Consider how many hours of the day you spend staring at a screen? Come up with a number. It’s probably a lot more than that.

Adam Alter, a psychologist at New York University, has spent the last five years studying the effects screens have on our lives and how much time they steal from us. At TED 2017, Alter presented his results in three charts. He pointed out that the reason we always feel like we have no free time is that in fact, we don’t.

Over the last decade, the increase of screen watching has reached excess and we spend a lot more time glued to our computers, phones, tablets and televisions. In 2007, we spent a relatively small amount of our free time looking at screens, but in 2017, they take up nearly all of it.

In the charts, the blue sections show the time we spend asleep, at work, or on “survival” activities like eating and washing. The amount of time we dedicate to these hasn’t changed much in a decade.

It’s the red area that is the most interesting — the time in front of screens where we play games, read the news, watch shows, or scroll through social media.

Alter said in his TED talk that screens “rob us of stopping cues,” which are signals that remind us to move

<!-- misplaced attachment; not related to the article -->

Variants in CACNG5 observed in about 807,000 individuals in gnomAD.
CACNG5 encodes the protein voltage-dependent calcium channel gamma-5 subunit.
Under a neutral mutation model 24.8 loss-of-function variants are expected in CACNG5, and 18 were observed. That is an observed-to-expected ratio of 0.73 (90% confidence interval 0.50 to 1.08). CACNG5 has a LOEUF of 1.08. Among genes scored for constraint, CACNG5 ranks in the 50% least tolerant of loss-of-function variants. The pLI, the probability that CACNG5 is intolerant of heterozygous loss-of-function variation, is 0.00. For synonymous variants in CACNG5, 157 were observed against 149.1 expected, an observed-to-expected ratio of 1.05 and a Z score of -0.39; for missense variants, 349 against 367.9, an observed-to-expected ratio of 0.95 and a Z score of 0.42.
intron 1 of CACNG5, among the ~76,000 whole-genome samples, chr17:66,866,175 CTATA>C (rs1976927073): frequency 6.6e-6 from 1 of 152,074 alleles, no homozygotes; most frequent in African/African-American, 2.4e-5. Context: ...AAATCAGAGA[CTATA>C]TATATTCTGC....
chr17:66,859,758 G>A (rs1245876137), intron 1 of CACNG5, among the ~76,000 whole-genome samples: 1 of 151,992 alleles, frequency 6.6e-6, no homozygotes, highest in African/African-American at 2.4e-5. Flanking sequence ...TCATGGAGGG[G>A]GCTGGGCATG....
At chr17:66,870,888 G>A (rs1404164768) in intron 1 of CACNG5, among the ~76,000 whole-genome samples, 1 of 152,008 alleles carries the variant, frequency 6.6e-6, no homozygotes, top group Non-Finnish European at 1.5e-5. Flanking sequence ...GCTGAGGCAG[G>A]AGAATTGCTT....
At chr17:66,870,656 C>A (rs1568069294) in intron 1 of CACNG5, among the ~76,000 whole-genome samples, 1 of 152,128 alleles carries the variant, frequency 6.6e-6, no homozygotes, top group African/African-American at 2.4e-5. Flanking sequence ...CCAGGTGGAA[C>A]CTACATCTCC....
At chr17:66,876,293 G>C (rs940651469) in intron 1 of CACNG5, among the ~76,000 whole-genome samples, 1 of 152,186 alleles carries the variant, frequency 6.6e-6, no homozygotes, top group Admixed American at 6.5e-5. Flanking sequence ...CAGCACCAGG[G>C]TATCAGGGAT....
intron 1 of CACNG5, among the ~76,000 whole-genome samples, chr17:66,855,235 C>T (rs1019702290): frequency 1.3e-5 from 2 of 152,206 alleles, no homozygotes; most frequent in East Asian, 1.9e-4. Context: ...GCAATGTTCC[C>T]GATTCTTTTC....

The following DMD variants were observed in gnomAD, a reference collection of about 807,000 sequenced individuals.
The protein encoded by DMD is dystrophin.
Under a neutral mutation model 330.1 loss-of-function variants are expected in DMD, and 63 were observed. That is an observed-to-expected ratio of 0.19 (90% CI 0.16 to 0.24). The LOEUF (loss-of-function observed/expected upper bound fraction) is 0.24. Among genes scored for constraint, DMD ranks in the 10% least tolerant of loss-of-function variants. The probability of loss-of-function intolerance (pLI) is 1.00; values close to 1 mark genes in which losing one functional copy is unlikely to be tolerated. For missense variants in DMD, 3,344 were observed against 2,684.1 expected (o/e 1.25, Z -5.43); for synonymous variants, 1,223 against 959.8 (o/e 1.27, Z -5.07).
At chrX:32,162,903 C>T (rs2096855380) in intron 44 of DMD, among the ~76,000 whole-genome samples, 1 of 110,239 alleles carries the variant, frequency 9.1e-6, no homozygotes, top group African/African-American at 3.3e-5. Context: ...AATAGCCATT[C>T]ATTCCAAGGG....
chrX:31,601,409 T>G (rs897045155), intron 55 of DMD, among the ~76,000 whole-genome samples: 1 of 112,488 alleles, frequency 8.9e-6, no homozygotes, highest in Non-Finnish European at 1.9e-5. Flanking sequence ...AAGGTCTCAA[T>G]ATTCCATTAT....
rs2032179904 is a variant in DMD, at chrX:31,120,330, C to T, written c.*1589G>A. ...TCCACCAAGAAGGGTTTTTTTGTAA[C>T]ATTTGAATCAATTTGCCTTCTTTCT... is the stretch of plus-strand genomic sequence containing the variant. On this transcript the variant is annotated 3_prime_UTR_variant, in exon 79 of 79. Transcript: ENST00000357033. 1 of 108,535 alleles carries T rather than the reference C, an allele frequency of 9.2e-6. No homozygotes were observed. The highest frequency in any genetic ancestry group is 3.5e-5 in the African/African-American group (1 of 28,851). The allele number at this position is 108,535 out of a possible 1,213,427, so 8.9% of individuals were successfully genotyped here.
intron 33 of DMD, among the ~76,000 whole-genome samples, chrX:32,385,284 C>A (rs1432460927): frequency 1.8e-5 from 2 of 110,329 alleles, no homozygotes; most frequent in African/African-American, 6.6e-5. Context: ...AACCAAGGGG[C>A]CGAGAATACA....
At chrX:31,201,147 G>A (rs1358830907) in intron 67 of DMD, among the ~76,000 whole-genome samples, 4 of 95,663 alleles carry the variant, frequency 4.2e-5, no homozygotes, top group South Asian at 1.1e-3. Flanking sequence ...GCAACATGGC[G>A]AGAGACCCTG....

on. The distraction and entertainment are constant, unlike a newspaper which finishes when you reach the end. Instead, there is no obvious time to stop — so we don’t.

Alter added that we spend about 9 minutes a day on apps that leave us feeling good, like those relating to weather or our health. That’s considerably less time than the 27 minutes on average we spend on apps that “make us feel worse” like gaming, news apps, or Facebook.

The solution is simple, Alter suggested, is we set out phones aside at specific times to try and un-learn old habits. Basically, we are addicted to our screens and limiting their use will feel like a form of withdrawal.

“You get used to it,” Alter said. “You overcome the withdrawal like you would with a drug, and life becomes more colorful, richer.”

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